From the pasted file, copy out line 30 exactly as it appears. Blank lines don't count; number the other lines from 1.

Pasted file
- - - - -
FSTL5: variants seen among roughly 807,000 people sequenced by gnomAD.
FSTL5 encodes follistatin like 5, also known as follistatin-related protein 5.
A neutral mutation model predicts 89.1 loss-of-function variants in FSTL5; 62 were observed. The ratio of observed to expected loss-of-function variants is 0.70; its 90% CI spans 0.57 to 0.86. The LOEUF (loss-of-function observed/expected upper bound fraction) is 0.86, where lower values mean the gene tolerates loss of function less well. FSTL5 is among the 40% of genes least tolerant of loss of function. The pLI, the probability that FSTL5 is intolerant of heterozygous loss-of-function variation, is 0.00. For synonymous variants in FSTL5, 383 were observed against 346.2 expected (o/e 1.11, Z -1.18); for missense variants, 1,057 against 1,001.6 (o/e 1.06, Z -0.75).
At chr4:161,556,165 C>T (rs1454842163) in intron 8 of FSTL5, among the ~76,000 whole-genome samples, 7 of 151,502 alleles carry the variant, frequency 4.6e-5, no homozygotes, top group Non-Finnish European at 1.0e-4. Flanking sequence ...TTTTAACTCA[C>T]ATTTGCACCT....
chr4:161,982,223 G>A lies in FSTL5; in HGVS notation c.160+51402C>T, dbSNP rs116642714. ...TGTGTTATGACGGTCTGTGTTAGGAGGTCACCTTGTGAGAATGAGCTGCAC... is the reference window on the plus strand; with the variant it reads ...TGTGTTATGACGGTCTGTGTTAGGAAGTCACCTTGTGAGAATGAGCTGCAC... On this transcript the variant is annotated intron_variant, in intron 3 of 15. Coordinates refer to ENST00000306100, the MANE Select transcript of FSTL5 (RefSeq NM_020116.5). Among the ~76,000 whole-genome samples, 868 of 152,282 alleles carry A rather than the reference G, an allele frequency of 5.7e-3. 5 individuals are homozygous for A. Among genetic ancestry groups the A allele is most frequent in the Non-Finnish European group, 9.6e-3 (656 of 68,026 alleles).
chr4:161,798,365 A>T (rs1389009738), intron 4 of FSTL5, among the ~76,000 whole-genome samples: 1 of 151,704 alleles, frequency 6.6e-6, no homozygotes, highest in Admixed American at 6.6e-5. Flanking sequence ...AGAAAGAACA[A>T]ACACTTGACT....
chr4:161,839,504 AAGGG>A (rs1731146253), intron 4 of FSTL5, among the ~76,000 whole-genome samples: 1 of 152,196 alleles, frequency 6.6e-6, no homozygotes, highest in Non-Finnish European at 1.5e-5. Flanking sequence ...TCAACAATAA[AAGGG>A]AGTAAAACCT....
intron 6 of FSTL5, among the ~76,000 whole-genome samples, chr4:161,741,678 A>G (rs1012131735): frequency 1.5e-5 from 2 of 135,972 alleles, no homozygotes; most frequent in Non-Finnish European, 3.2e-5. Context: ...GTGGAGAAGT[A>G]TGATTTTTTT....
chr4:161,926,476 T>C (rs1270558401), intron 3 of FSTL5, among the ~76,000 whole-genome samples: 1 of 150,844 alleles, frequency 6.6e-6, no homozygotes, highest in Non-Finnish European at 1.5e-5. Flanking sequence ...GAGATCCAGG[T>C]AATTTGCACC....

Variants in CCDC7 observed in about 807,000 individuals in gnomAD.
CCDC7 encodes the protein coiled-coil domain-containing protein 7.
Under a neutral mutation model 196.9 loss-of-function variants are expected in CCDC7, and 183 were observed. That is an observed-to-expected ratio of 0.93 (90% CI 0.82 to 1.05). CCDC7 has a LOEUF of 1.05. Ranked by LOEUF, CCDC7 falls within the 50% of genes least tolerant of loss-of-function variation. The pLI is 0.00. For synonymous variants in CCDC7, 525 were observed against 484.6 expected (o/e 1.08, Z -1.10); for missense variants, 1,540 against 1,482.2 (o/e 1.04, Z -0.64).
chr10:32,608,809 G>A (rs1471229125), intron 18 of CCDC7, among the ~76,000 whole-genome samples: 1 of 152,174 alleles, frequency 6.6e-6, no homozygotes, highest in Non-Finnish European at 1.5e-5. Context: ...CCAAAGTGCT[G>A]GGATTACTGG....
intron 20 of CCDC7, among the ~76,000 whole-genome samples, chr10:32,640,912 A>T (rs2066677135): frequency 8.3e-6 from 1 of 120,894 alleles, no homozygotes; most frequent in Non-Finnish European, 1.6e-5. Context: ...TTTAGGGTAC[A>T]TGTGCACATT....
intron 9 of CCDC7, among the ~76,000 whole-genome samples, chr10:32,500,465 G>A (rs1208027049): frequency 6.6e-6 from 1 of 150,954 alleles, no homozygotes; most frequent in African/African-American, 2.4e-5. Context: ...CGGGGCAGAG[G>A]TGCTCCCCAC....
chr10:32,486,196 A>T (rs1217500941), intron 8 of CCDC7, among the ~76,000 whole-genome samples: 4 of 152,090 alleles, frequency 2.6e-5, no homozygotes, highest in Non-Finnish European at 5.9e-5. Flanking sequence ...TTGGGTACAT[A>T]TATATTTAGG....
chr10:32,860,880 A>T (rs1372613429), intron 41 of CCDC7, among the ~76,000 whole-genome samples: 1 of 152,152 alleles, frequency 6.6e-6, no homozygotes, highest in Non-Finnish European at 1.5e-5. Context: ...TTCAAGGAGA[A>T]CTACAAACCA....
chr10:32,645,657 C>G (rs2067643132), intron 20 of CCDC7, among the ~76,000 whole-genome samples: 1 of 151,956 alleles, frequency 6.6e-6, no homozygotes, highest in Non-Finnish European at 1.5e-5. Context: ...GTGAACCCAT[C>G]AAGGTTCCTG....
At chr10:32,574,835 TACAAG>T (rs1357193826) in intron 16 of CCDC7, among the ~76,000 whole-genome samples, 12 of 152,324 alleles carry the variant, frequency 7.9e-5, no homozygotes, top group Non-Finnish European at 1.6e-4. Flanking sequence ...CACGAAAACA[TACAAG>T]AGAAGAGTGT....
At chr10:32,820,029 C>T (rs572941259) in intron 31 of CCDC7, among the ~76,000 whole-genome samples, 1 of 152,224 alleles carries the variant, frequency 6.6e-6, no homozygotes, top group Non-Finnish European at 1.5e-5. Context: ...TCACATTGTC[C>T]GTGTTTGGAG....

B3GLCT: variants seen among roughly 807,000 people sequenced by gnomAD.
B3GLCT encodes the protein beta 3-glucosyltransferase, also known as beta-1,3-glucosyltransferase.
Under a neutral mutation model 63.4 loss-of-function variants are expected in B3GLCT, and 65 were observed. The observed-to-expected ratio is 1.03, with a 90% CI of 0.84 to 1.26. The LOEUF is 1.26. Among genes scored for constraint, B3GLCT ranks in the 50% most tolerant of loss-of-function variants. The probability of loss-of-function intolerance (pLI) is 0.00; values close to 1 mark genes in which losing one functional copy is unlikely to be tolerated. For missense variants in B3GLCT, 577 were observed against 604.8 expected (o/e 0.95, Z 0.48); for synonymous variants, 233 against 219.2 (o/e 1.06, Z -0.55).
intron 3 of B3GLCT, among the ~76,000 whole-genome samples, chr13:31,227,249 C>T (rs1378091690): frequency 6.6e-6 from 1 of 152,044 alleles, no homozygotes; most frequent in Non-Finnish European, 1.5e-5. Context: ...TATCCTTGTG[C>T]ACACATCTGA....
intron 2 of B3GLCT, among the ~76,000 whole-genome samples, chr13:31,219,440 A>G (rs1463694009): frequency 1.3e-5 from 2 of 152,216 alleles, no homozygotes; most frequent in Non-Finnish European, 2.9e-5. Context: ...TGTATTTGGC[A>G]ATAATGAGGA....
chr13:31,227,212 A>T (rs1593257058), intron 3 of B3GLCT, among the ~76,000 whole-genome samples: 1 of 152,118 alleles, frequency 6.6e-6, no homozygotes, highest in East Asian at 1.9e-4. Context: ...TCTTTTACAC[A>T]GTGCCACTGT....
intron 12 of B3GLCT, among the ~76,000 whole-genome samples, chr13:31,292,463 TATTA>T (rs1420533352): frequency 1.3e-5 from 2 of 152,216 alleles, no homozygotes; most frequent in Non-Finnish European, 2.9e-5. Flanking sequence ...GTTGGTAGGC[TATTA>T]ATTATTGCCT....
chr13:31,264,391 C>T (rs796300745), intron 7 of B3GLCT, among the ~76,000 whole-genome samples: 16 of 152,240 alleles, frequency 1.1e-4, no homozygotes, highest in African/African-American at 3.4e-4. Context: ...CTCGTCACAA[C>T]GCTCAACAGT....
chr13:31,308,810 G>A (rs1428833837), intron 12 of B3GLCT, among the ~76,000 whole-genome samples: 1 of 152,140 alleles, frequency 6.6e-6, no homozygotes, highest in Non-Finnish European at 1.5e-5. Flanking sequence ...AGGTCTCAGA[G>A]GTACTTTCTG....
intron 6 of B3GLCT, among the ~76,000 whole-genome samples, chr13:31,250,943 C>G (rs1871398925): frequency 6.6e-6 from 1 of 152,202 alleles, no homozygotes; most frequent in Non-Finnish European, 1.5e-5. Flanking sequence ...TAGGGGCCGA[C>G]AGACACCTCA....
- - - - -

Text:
intron 6 of B3GLCT, among the ~76,000 whole-genome samples, chr13:31,250,943 C>G (rs1871398925): frequency 6.6e-6 from 1 of 152,202 alleles, no homozygotes; most frequent in Non-Finnish European, 1.5e-5. Flanking sequence ...TAGGGGCCGA[C>G]AGACACCTCA....